Everything in “Lakeview Terrace” is in black and white, and I’m not just referring to the film’s racial overtones. The bad guy, Abel Turner (Samuel L. Jackson), is an argumentative bully who drives a heavy-duty pickup truck with a yellow ribbon magnet on the back, doesn’t believe in global warming, and kneels next to his bed in prayer every morning. His new neighbor, Chris Mattson (Patrick Wilson), is non-confrontational, jogs every morning, drives a Prius, and subscribes to the Utne Reader.
But this isn’t a Red State vs. Blue State drama, nor is it even a racial drama (as much as it likes to pretend it is). It’s really just a suburban thriller about a cop who hides behind his badge to harass his neighbors — making it a loose rip-off of the Kurt Russell/Ray Liotta flick “Unlawful Entry,” too.
Chris Mattson, who is white, is married to Lisa (Kerry Washington), who is black. They have just moved to an upper-middle-class Los Angeles cul-de-sac, where their next-door neighbor is Abel Turner, a black man who does not approve of interracial couplings. In fact, Abel is obsessed with race in general, bringing it up at inappropriate and irrelevant times and making those around him uncomfortable. A widower, he has two teenage children who find his strict law-and-order attitude confining. He aggressively corrects their grammar and diction — no Ebonics allowed in the Turner house.
Abel makes life difficult for the Mattsons immediately. He fixes his outdoor motion-sensor lights directly on their bedroom window. He pretends to rob Chris at gunpoint as a “friendly” way of teaching him about safety, then, noting the rap music playing on Chris’ stereo, says, “You can listen to that noise all you want, but when you wake up in the morning, you’ll still be white.” Soon, Abel’s comments are more directly threatening and disapproving, though still not quite to the point where you can call the police. And even then, what good will that do? Abel IS the police.
There are some problems with that theory, especially in Los Angeles, where there are a million different precincts and plenty of higher-ups eager to stamp out any perception of wrongdoing on the part of their men in blue. The movie’s assertion that Abel’s badge means all his fellow cops will automatically stick up for him is probably true only among his closest law-enforcement friends. People in other precincts — and Abel does not live in the same precinct where he works — would have no problem busting an arrogant cop who used his status to harass civilians.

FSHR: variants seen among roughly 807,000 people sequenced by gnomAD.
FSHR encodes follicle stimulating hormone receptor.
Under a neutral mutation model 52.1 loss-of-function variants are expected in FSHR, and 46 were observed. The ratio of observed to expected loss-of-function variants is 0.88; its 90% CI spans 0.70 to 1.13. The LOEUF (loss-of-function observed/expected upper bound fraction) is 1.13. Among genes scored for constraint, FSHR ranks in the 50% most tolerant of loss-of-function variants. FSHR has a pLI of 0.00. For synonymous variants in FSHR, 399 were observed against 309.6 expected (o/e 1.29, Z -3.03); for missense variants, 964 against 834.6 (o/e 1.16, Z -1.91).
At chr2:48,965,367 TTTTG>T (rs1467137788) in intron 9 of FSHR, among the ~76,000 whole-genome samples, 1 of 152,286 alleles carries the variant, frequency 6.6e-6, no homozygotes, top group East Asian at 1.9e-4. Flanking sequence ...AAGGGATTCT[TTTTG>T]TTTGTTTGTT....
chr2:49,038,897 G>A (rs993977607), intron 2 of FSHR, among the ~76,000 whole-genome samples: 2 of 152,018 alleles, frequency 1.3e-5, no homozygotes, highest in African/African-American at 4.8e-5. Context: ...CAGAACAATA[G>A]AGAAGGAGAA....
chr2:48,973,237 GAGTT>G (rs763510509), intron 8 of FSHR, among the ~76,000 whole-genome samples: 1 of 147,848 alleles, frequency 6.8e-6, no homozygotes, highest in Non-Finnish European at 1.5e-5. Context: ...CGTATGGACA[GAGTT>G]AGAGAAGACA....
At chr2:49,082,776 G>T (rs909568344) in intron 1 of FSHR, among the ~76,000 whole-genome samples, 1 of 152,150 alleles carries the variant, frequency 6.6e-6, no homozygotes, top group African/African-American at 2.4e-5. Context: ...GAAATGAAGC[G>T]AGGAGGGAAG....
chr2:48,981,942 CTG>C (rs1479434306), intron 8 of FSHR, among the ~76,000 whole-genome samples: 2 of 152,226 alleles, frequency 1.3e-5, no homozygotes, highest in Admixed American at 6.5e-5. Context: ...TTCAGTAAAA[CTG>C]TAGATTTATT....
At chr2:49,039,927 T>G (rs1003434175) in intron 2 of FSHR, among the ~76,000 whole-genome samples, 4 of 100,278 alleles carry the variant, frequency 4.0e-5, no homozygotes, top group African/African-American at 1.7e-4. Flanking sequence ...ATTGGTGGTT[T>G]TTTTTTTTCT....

But fine: I’ll buy the premise that the Mattsons have no recourse in dealing with Abel’s aggression, especially since most of what he does, at least at first, is either not technically illegal or else hard to prove. The larger problem is that as a character, Abel Turner isn’t believable. For a while he’s simply an unmotivated psychopath, a man who blindly, rabidly hates interracial marriages. The randomness of that bothered me, right up until the part where the movie explains why he has those strong opinions — and then I was bothered by the too-simple, Psych 101 explanation. It reminded me of one of Jack Handey’s best “Deep Thoughts”: “To me, clowns aren’t funny. In fact, they’re kind of scary. I’ve wondered where this started and I think it goes back to the time I went to the circus, and a clown killed my dad.”
The film was directed by Neil LaBute, his seventh theatrical feature but only the second one (after “Nurse Betty”) that he did not write himself. (It was written by David Loughery and Howard Korder, each with a few prior credits but nothing noteworthy.) It’s apparent that LaBute tried to invest the story with his usual fascinations — lies, awkward relationships, hidden emotional agendas — but nearly every attempt to create subtlety (like having Chris pestered by another black man, his father-in-law) is outweighed by the story’s overall bluntness. No matter how much the film wants to be an examination of race relations, it’s really just a medium-grade potboiler, watchable but unmemorable.
C+ (1 hr., 50 min.; )